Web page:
This past Saturday night was a special one at Jobing.com Arena. The defending Stanley Cup champion Detroit Red Wings were in town, a vocal crowd of 16,000+ was on hand (thanks in part to some loyal Red Wings fans) and the two teams put on an entertaining show.
But for me, it was also special because I had the opportunity to spend some time with my first TV partner in the NHL, Mickey Redmond….
The first season we worked together was 1985-86 and the Wings weren’t projected to be a very good team. We only televised 15 games that year (thank goodness!). The Wings were 1-13-1 in those contests and the average score was 8-3 for the opposition. Moments before my very first telecast in the NHL in Minnesota, Mick told me to take off my headset and stop staring at the rosters that I was trying to memorize. He said that we had to be prepared for the worst.
from Paul Kix of ESPN, To put it bluntly,
Sean Avery was the extent to which we followed hockey. A sartorially minded on-ice agitator who trashes the new boyfriends of his old exes? That’s reason enough to stay tuned, dude. We won’t any more, now that the Stars have banished him from the team, even agreeing to pay his salary so long as he keeps out of the arena. But with a look at Avery’s sins, one thing’s for certain: Whoever gets the Stars’ sloppy seconds will have to up the tolerance for anarchy, because this is milquetoast stuff.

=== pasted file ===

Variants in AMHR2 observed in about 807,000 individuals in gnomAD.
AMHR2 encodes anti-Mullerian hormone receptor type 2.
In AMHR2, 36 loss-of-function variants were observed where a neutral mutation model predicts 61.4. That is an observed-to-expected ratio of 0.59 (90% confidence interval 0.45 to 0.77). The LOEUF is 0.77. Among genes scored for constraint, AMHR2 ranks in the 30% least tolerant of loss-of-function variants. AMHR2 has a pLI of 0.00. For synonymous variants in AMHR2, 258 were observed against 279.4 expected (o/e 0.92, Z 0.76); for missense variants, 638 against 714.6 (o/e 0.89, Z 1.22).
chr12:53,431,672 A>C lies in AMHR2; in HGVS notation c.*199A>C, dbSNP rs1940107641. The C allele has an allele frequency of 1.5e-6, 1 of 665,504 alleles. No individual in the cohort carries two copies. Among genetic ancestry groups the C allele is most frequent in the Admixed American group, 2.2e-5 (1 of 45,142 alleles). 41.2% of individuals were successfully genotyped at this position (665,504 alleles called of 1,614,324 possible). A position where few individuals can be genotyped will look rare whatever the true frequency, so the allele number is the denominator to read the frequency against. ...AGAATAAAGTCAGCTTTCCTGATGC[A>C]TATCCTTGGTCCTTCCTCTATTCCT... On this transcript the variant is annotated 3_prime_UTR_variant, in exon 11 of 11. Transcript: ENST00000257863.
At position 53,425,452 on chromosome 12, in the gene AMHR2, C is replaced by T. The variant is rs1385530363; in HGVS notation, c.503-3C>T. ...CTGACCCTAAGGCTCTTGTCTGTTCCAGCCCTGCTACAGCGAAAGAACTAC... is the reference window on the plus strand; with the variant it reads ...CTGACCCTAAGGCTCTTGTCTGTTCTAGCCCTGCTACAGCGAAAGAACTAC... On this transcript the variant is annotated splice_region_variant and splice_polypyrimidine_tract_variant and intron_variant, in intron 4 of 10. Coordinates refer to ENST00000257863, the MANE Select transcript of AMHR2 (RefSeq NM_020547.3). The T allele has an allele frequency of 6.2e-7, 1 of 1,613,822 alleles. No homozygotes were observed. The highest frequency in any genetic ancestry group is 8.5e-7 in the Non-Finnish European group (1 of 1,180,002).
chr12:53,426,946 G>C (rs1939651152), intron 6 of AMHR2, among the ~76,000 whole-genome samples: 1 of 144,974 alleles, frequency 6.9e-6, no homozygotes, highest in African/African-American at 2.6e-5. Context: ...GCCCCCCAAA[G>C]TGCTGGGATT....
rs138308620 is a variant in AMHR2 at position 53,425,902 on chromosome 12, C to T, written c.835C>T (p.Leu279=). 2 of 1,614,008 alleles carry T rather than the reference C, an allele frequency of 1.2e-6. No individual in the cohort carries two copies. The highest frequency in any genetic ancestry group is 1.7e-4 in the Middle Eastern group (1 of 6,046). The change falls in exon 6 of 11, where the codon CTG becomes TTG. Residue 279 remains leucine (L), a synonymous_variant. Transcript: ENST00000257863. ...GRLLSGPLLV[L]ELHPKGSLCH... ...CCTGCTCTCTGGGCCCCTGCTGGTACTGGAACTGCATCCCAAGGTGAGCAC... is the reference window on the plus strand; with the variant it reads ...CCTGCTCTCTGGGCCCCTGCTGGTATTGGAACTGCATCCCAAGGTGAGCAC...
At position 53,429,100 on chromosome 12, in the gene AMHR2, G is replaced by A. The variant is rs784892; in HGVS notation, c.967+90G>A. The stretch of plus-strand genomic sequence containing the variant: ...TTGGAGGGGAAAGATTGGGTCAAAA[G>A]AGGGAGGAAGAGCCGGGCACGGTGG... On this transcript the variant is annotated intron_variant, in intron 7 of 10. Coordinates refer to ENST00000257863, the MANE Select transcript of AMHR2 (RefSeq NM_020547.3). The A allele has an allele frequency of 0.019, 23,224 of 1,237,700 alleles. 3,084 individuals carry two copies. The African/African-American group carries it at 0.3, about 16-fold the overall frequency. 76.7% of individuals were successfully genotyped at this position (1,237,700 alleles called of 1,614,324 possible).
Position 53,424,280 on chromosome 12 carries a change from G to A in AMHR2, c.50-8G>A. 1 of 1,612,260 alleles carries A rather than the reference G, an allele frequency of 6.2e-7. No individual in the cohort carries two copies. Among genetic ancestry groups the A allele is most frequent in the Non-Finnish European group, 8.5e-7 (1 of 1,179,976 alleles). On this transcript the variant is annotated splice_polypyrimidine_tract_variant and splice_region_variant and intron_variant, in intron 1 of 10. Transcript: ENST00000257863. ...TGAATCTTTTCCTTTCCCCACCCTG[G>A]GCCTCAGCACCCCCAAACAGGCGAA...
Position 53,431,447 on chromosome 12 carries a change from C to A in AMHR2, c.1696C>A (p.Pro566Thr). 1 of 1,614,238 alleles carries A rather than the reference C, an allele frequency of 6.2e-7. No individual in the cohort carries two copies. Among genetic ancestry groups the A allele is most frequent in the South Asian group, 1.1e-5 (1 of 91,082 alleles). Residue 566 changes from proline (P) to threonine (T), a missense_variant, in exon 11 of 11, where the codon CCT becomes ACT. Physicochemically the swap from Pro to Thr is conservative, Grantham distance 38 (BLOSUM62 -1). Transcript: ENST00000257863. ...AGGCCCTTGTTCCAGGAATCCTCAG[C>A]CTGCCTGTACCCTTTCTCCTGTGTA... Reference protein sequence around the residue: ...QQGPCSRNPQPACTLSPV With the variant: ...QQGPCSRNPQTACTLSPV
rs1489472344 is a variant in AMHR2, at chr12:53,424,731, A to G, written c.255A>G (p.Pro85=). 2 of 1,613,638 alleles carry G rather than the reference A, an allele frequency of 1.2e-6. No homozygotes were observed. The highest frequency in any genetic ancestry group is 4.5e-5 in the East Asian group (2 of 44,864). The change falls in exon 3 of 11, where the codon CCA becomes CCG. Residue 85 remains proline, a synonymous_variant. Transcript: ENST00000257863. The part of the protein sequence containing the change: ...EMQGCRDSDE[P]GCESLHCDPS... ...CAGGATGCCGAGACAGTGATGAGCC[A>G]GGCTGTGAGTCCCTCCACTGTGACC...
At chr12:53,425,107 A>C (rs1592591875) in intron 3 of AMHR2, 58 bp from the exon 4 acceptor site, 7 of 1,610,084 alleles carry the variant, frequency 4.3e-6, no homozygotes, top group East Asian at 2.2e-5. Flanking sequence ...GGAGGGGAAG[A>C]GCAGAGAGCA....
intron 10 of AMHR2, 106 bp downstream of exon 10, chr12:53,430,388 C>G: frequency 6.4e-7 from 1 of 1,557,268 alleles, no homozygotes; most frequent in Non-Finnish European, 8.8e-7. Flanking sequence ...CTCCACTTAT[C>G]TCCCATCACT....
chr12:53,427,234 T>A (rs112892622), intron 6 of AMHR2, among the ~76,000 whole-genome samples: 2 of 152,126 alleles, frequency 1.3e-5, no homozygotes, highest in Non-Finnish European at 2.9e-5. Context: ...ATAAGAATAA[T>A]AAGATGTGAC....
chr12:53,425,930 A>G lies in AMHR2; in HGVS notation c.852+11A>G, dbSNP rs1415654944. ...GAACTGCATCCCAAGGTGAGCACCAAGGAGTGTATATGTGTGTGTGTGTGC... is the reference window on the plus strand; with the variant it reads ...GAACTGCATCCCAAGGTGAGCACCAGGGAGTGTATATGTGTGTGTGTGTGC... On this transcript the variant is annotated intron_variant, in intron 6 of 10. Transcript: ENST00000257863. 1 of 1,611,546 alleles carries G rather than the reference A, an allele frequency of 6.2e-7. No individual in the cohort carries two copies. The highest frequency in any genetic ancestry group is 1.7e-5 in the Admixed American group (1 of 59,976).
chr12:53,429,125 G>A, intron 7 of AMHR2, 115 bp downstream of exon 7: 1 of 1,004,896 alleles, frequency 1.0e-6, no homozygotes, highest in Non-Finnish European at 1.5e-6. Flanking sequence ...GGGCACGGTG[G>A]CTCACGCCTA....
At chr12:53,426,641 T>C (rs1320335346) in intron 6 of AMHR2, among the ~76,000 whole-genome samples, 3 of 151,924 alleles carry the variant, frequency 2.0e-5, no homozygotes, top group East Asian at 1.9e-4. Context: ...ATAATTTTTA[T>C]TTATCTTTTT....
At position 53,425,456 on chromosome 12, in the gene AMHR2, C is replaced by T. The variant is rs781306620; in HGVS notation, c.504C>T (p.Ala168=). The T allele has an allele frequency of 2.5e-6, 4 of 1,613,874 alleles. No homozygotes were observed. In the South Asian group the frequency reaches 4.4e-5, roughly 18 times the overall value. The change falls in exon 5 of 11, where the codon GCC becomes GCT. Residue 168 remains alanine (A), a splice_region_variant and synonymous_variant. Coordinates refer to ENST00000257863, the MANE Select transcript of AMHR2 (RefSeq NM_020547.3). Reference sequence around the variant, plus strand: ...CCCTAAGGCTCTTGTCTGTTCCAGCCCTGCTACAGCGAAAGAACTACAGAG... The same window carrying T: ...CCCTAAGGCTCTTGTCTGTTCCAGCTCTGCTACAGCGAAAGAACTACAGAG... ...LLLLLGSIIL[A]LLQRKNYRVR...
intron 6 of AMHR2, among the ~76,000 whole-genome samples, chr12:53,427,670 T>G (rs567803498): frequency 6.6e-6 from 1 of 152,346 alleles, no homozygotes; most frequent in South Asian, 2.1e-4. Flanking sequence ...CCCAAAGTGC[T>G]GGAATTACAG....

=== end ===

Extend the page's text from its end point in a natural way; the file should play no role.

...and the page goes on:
And the NHL wonders why it can’t expand its audience….
This is the problem with the NHL: It thinks a guy who interns at Vogue and routinely shows up in People and on PerezHilton is bad for the game. You fools. He’s growing the game. Or at least, he was.
from Adrian Dater of the Denver Post,
Believe it or not, there was a time just a few months ago when some of hockey’s most well-known experts were saying the Avalanche was a better team than the Detroit Red Wings.
“Colorado,” NBC hockey analyst Pierre McGuire said quickly, when a couple of us nosy reporters asked who would win the Avs’ Western Conference semifinal last spring with Detroit. “I like how they stack up against Detroit.”
Four games later, the Avs were done. Game 4 was the humiliating 8-2 Detroit romp at the Pepsi Center. Henrik Zetterberg was scoring on backhanders while falling down and Johan Franzen flashed his big Swedish grin for the final of his approximately 46 goals he scored in the series (actually, only nine — but still a Detroit record for one series).
This foolish reporter was actually sipping the Avalanche Kool-Aid before the series, too.
from Larry Brooks of the NY Post,
Sundin told friends money will not be the prime factor when it comes time to choose a team.
The Blueshirts currently have approximately $1 million of cap space. Pro-rating cap hits, the Blueshirts would need approximately $2.877M of space on Dec. 27 in order to be able to offer Sundin a full-season contract of $5M, half of Vancouver’s standing bid.
Trading or waiving Petr Prucha by Friday would add approximately another $1M of space. Returning freshman Lauri Korpikoski - who has had three straight games of under 10 minutes of ice time - to the AHL Wolf Pack by Friday would add approximately another $635,000 of space.
That would give the Rangers about $2.635M of space - enough to allot Sundin around $4.25M.
Understand, the Rangers are not trading Michal Rozsival to Dallas in exchange for the right to bury Sean Avery in the minor leagues.
They are most certainly not attempting to deal Scott Gomez.
About Kukla's Korner Hockey
Paul Kukla founded Kukla’s Korner in 2005 and the site has since become the must-read site on the ‘net for all the latest happenings around the NHL.
From breaking news to in-depth stories around the league, KK Hockey is updated with fresh stories all day long and will bring you the latest news as quickly as possible.